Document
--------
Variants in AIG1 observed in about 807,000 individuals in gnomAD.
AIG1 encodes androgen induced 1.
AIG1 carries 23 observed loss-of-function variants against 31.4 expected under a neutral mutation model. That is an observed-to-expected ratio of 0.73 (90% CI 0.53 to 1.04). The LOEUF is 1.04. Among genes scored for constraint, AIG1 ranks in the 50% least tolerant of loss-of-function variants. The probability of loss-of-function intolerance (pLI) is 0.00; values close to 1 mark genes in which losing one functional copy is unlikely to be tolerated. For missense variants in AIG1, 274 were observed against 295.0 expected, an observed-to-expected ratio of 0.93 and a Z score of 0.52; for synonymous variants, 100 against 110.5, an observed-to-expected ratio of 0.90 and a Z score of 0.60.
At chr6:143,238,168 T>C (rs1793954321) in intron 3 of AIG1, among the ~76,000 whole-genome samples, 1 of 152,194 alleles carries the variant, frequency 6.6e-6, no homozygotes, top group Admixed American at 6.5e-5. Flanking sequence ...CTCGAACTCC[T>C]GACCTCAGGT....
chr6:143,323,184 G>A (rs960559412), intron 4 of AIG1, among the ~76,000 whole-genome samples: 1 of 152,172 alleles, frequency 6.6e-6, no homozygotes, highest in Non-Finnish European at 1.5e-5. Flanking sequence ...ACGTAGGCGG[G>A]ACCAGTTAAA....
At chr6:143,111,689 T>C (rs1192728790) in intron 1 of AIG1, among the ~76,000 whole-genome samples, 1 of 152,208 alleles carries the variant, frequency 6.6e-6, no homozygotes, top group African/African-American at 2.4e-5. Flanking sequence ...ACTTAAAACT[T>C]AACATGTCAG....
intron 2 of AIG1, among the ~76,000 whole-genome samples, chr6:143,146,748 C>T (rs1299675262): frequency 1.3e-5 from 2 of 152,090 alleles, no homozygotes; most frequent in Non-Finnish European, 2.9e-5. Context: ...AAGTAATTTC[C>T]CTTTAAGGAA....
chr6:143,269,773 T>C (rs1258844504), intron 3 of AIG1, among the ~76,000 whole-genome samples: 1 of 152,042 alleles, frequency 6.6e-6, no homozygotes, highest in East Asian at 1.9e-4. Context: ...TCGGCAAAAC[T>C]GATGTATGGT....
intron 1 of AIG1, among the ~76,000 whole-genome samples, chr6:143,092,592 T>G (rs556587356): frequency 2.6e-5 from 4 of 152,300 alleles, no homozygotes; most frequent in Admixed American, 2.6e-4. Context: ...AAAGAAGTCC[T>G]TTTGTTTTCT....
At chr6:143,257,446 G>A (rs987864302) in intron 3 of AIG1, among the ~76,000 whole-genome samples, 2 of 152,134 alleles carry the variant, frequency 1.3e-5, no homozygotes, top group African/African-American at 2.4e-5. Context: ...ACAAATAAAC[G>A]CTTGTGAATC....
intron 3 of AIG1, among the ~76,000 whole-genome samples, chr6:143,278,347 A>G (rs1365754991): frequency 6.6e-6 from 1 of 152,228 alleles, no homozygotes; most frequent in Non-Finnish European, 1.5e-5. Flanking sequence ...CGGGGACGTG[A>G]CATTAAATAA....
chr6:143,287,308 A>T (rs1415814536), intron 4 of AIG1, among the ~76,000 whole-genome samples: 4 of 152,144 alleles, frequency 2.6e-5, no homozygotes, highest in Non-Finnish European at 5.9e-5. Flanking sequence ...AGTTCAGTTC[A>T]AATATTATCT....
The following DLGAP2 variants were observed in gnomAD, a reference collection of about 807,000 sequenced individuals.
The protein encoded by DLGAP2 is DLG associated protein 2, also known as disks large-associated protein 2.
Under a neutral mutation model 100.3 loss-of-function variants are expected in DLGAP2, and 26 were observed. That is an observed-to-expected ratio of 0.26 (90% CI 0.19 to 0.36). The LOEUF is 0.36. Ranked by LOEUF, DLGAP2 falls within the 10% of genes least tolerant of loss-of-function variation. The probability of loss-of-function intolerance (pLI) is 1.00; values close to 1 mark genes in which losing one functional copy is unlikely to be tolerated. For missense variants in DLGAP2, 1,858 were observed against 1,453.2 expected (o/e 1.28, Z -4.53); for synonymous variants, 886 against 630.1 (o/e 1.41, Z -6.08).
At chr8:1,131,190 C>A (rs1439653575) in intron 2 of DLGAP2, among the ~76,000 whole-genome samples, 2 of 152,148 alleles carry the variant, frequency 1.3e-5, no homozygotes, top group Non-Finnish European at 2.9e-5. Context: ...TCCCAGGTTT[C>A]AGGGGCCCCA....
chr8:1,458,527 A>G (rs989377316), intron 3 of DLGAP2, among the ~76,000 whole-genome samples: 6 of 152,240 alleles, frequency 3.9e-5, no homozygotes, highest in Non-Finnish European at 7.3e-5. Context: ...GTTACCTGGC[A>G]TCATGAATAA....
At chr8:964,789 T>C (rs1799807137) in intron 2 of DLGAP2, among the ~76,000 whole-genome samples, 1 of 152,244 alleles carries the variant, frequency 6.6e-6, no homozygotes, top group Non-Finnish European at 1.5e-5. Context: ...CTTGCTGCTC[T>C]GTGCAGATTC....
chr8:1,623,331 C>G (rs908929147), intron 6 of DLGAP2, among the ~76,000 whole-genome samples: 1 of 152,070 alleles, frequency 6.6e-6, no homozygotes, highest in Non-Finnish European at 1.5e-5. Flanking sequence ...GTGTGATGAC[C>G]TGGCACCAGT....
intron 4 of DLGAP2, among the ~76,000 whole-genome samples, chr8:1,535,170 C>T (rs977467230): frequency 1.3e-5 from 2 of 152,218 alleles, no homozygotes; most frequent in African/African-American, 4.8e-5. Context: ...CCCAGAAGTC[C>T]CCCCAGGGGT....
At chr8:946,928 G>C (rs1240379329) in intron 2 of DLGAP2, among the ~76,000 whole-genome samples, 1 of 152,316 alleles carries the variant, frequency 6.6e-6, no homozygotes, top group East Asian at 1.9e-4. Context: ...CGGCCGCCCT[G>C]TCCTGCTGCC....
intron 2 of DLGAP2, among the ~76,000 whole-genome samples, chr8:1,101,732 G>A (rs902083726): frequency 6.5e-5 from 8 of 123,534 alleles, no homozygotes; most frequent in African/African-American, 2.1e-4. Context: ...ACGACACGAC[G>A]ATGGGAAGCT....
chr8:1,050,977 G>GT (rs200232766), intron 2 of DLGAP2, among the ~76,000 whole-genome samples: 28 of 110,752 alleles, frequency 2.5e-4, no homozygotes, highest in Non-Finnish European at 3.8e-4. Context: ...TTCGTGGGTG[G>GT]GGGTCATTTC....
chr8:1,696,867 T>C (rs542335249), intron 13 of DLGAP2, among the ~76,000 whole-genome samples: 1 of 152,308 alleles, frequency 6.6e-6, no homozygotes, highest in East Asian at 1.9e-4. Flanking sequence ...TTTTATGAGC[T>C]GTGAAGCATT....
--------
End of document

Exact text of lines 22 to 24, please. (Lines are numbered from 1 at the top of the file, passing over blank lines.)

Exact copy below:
intron 2 of DLGAP2, among the ~76,000 whole-genome samples, chr8:1,101,732 G>A (rs902083726): frequency 6.5e-5 from 8 of 123,534 alleles, no homozygotes; most frequent in African/African-American, 2.1e-4. Context: ...ACGACACGAC[G>A]ATGGGAAGCT....
chr8:1,050,977 G>GT (rs200232766), intron 2 of DLGAP2, among the ~76,000 whole-genome samples: 28 of 110,752 alleles, frequency 2.5e-4, no homozygotes, highest in Non-Finnish European at 3.8e-4. Context: ...TTCGTGGGTG[G>GT]GGGTCATTTC....
chr8:1,696,867 T>C (rs542335249), intron 13 of DLGAP2, among the ~76,000 whole-genome samples: 1 of 152,308 alleles, frequency 6.6e-6, no homozygotes, highest in East Asian at 1.9e-4. Flanking sequence ...TTTTATGAGC[T>C]GTGAAGCATT....